• Pain medicines if needed.

  • Surgery for severe deformities of the feet, spine, or other joints.

What are possible complications of Charcot-Marie-Tooth disease?

CMT is not a fatal disease. Most people with it live to a normal age and remain active. In rare cases, it may affect the muscles you need to breathe. Because this can be especially dangerous at night, you may need a nighttime breathing assistive device.

More common complications are:

  • Injuries from falls

  • Certain medicines causing the disease to get worse

  • Injuries or infections of the feet that go unnoticed because of lack of pain and temperature sensation

Living with Charcot-Marie-Tooth disease

It's very important to learn as much as you can about your disease. Work closely with your neurologist. Genetic counseling may be important for family planning. Other ways to manage your disease include:

  • Getting regular low-impact aerobic exercise

  • Not drinking alcohol except in moderation

  • Eating a healthy diet and staying at a healthy weight

  • Checking your feet regularly for any injury or infection

  • Checking with your healthcare provider before taking any new medicines. Certain medicines can make your symptoms worse.

When should I call my healthcare provider?

Call your healthcare provider if you have:

  • Symptoms that are new or get worsen

  • Signs of foot injury or infection

  • Trouble breathing

Key points Charcot-Marie-Tooth disease

  • Charcot-Marie-Tooth disease is an inherited disorder. It affects the nerves supplying the feet, legs, hands, and arms. It's caused by gene defects that are nearly always inherited from a person's parents.

  • Symptoms often begin in the teen or early adult years. They can include weakness in the feet and legs and foot deformities. Over time, the hands and arms might be affected as well.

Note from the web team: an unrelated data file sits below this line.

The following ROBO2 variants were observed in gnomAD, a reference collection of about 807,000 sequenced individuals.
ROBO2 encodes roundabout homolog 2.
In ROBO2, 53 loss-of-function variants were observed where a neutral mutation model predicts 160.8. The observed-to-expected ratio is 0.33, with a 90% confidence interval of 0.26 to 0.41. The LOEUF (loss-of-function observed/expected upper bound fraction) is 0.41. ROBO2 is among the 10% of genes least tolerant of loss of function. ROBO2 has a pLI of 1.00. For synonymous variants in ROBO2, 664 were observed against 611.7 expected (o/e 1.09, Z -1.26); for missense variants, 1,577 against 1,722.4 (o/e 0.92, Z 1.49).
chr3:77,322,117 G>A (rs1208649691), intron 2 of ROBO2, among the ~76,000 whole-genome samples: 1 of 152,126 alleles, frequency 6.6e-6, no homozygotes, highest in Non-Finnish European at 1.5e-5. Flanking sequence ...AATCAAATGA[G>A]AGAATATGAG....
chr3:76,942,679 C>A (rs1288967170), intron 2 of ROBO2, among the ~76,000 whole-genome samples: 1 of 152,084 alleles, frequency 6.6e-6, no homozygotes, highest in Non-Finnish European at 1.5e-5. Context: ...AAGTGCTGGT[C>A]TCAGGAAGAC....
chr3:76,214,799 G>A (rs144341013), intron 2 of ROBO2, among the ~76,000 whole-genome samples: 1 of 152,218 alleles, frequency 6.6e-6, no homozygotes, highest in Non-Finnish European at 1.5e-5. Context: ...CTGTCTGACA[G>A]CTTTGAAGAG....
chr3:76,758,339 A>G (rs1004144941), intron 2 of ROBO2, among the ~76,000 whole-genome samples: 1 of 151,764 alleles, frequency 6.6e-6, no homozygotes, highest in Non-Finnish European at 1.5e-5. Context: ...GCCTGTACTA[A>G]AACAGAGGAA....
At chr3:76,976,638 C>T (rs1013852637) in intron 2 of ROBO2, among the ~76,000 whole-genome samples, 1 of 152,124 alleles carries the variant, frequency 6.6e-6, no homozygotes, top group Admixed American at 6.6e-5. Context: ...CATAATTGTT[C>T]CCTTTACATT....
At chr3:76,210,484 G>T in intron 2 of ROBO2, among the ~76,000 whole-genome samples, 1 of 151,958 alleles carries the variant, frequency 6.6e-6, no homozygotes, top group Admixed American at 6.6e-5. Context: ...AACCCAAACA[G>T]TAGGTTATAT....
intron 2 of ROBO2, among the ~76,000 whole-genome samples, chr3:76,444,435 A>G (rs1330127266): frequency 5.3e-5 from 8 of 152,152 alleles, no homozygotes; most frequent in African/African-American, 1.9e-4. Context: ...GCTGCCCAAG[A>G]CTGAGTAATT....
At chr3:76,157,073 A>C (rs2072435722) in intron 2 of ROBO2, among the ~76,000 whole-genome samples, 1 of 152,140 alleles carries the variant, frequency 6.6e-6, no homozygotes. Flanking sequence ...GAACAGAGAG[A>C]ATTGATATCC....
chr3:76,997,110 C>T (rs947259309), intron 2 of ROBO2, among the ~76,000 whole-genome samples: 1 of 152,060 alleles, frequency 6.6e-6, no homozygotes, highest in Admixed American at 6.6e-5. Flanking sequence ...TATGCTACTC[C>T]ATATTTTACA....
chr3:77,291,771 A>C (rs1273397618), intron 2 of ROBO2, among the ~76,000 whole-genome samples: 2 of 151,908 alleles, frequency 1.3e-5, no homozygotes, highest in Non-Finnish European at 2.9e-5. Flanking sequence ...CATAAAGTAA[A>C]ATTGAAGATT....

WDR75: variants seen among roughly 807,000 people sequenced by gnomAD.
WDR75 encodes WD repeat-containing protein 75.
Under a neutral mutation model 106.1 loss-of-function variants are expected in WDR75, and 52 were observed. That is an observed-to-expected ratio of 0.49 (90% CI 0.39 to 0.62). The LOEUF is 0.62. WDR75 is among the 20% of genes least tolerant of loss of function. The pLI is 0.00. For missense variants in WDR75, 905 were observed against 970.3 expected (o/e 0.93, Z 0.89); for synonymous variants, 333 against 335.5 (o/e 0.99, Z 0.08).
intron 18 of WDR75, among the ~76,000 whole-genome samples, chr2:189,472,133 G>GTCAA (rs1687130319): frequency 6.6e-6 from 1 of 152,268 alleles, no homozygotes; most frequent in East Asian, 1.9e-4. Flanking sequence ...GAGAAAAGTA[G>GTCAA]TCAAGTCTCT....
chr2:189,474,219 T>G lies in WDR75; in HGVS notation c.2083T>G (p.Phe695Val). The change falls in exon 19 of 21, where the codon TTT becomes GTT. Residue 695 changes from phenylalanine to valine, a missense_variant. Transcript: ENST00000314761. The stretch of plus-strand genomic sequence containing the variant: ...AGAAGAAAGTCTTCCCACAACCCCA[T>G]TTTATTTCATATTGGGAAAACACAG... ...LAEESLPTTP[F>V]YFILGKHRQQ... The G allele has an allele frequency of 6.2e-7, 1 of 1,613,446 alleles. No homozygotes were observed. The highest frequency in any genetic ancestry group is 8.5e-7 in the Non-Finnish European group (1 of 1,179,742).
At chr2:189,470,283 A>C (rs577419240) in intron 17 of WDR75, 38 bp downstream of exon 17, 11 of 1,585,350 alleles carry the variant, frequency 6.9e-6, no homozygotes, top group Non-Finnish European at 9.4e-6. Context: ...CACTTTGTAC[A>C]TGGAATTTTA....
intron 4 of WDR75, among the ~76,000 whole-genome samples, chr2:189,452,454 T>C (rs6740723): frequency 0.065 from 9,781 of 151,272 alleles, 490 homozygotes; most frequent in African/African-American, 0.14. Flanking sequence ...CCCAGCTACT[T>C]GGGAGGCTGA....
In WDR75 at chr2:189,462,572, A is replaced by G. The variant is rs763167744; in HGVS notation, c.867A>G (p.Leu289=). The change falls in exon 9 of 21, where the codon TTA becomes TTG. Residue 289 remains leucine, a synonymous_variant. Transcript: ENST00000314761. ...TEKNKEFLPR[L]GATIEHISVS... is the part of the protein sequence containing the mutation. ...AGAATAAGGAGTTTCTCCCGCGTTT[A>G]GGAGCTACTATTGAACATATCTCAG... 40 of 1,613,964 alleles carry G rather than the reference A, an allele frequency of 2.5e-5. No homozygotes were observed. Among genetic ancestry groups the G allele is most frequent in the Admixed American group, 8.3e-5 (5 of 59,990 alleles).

• Charcot-Marie-Tooth can't be cured at this time. But treatments, such as physical and occupational therapy, can often be very helpful. Most people with this condition live to a normal age and remain active.

Next steps

Tips to help you get the most from a visit to your healthcare provider:

  • Know the reason for your visit and what you want to happen.

  • Before your visit, write down questions you want answered.

  • Bring someone with you to help you ask questions and remember what your provider tells you.

  • At the visit, write down the name of a new diagnosis, and any new medicines, treatments, or tests. Also write down any new directions your provider gives you.

  • Know why a new medicine or treatment is prescribed, and how it will help you. Also know what the side effects are.

  • Ask if your condition can be treated in other ways.

  • Know why a test or procedure is recommended and what the results could mean.

  • Know what to expect if you do not take the medicine or have the test or procedure.

  • If you have a follow-up appointment, write down the date, time, and purpose for that visit.

  • Know how you can contact your healthcare provider if you have questions, especially after office hours or on weekends.

Online Medical Reviewer: Joseph Campellone MD
Online Medical Reviewer: Raymond Kent Turley BSN MSN RN
Online Medical Reviewer: Ronald Karlin MD
Date Last Reviewed: 7/1/2023
© 2000-2024 The StayWell Company, LLC. All rights reserved. This information is not intended as a substitute for professional medical care. Always follow your healthcare professional's instructions.